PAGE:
With testimony from Dov Hikind’s own former chief of staff, prosecutors this week sought to fortify their claim that the assemblyman used government funds from Brooklyn’s largest Jewish community council as a kind of private cash reserve for political and personal needs.
Jeff Reznik, Hikind’s chief of staff between 1993 and 1995, testified Monday that Hikind helped him get a job with an affiliate of the Council of Jewish Organizations of Boro Park after he told Hikind his staff salary of about $30,000 per year was insufficient.
Chai L’Yisrael, the cheaper of the two at $180 round trip from New York, is offering flights tied to the May 17 election for prime minister and parliament, the Knesset. The latter will decide the fate of the Orthodox religious parties.
Kesher’s round-trip flights are for an expected June 1 runoff between Prime Minister Benjamin Netanyahu of the right-wing Likud Party and Ehud Barak of the left-leaning One Israel Party. Kesher’s fares are $449 from New York and $649 from Los Angeles.
Assemblyman Dov Hikind, on trial for corruption, has told intimates that he is considering running his wife, Shoshana, in his place this fall if he is forced to withdraw from his re-election campaign, Borough Park and Democratic Party sources have told The Jewish Week.
But according to one widely respected local leader, if Hikind is convicted on any of the federal felony charges, “The community would be less supportive [of such a move] than he might imagine.”
A key prosecution witness has been harassed and threatened in an effort to intimidate him from testifying in the trial of Assemblyman Dov Hikind and Rabbi Elimelech Naiman, federal prosecutors claimed this week.
The alleged tactics, by members of the Ger chasidic sect, have not been tied by prosecutors to either of the defendants. And at the judge’s urging, Naiman, a Ger leader, has obtained rulings from Ger religious courts in Jerusalem and Brooklyn demanding that any such actions cease.
Were contracts drawn up by senior officials of Brooklyn’s largest Jewish community council in response to subpoenas long after the work was supposedly done complete fabrications? Or was real work accomplished without agreements being signed at the time?
In the wake of testimony this week at the trial of Assemblyman Dov Hikind, it is virtually certain that point will be vigorously contested by prosecutors and defense lawyers.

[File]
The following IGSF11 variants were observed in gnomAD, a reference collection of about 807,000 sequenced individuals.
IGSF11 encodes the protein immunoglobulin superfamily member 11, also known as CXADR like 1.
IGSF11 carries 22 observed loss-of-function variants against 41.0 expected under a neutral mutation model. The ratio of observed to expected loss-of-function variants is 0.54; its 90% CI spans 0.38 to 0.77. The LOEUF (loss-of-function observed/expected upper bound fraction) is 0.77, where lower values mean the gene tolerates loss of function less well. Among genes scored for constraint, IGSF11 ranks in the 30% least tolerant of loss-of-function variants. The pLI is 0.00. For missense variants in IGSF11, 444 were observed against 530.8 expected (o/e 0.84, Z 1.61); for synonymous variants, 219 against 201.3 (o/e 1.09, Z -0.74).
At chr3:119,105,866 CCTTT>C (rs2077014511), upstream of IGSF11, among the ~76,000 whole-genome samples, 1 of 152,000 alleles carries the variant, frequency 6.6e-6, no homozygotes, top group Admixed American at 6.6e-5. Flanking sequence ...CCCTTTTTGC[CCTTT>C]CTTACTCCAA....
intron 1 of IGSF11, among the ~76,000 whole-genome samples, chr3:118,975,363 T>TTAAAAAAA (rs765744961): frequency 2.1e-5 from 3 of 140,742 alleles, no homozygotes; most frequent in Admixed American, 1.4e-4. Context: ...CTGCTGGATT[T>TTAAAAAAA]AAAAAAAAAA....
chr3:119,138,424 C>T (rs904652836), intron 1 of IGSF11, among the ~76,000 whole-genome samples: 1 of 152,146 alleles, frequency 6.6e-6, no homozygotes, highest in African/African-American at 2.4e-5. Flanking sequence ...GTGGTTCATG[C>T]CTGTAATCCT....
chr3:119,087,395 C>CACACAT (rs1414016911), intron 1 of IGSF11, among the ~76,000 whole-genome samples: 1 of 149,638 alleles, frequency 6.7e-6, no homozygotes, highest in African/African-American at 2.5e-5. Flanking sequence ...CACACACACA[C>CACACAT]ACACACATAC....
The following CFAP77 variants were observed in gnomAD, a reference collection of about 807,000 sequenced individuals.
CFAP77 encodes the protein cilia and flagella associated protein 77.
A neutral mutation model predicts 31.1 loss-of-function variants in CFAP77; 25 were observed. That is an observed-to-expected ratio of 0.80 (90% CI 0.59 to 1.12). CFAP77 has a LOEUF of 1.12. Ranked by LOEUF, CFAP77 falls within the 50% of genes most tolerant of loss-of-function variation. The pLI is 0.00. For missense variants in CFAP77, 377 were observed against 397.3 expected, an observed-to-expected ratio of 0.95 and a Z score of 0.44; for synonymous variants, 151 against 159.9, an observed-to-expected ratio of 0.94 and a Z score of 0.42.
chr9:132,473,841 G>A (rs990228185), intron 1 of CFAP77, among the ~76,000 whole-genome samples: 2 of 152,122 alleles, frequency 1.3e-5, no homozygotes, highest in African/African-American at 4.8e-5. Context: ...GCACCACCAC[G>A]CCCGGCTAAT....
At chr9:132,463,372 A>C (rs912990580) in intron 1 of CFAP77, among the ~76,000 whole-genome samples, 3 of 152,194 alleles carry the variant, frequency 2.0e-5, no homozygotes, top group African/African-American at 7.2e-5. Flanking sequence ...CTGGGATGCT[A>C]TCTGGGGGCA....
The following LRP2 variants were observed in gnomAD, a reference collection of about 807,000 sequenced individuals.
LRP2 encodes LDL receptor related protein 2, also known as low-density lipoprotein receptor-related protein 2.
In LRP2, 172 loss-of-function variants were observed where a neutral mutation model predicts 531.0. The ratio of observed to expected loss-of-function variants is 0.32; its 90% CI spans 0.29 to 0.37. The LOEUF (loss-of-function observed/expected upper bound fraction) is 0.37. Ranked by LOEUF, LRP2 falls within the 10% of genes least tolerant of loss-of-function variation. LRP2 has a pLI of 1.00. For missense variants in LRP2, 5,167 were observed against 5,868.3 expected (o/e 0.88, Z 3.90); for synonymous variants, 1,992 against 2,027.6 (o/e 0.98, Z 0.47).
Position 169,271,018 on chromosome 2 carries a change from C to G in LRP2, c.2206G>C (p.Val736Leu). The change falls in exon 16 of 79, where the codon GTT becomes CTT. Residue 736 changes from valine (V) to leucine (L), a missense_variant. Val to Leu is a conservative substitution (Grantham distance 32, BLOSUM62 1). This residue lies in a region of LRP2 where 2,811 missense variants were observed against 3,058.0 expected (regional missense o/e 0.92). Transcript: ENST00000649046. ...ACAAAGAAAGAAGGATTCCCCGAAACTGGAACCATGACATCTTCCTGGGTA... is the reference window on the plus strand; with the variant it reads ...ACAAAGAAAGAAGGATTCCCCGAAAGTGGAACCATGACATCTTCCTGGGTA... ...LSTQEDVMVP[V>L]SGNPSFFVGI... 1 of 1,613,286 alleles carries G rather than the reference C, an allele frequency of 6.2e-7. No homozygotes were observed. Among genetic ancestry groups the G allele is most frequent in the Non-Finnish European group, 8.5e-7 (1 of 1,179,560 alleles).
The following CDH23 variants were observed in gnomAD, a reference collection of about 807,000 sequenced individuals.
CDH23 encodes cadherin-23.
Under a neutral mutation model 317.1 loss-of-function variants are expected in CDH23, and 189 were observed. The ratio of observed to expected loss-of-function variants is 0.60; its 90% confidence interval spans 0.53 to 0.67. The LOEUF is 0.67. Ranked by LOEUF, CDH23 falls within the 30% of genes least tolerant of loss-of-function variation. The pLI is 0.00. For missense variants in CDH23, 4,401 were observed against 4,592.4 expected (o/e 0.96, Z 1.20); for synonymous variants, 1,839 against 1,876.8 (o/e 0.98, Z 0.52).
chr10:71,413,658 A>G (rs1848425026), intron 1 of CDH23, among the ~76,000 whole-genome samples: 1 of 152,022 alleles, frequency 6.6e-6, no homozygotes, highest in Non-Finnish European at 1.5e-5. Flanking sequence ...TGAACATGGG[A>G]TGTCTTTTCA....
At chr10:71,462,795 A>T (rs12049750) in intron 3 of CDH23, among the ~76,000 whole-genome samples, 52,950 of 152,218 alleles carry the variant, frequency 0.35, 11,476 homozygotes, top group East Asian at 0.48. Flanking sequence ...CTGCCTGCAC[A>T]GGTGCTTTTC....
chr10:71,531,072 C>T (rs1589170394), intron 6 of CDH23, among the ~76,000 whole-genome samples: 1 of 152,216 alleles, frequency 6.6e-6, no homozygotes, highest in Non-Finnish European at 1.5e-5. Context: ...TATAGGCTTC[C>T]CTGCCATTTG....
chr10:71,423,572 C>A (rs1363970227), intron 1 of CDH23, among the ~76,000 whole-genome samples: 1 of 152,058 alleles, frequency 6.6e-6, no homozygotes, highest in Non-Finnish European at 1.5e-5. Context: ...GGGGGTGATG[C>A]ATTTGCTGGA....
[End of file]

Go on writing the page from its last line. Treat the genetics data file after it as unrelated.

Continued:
The mysterious death Tuesday afternoon of an 11-month-old Borough Park boy has shaken the largely fervently Orthodox neighborhood, as residents speculated about the legality of a baby-sitting operation in the basement of a three-family brick residence on 18th Avenue and 53rd Street.
Yechezkel Kraminer, the youngest of three children of full-time yeshiva student Baruch and his working wife, Chana, was dead on arrival at Maimonides Medical Center.
One of these days, probably in the dark of winter’s early evening, Rabbi Regina Sandler-Phillips, a “fast approaching 50” native of Manhattan, with a large knit kipa atop her closely cut gray hair, will walk up the front stairs of a Jewish funeral home on the edge of Borough Park.
State Attorney General Eliot Spitzer is checking into the 1973 disappearance of two missing Brooklyn teens following an appeal by friends and relatives who charge that New York City and Sullivan County police botched the case and misled them.
In addition, the head of a state missing children's agency is expected to meet with family members to discuss what steps could be taken to help solve the 27-year-old mystery.
Vice President Al Gore, making his first campaign trip to Brooklyn's Orthodox community, found himself at odds with supporters on several key issues: including private school vouchers and freedom for convicted spy Jonathan Pollard.
Gore said Pollard should be granted clemency by the president only if the Justice Department recommends it.
It apparently was the first time Gore has addressed the issue as he raises campaign funds for his 2000 Democratic presidential nomination bid.
Rabbi Mahir Reiss, a respected Brooklyn businessman and Orthodox Jewish philanthropist credited with resolving international Jewish religious disputes, was sentenced to 27 months and fined $6.3 million for his role in an international money-laundering scheme involving a Colombian drug ring. In handing down the sentence, U.S. District Judge Jack Weinstein on Wednesday based his decision on whether the 48-year-old Reiss knew that the illegal money he was laundering involved drugs. Assistant U.S. Attorney Lee Dunst contended Reiss knew.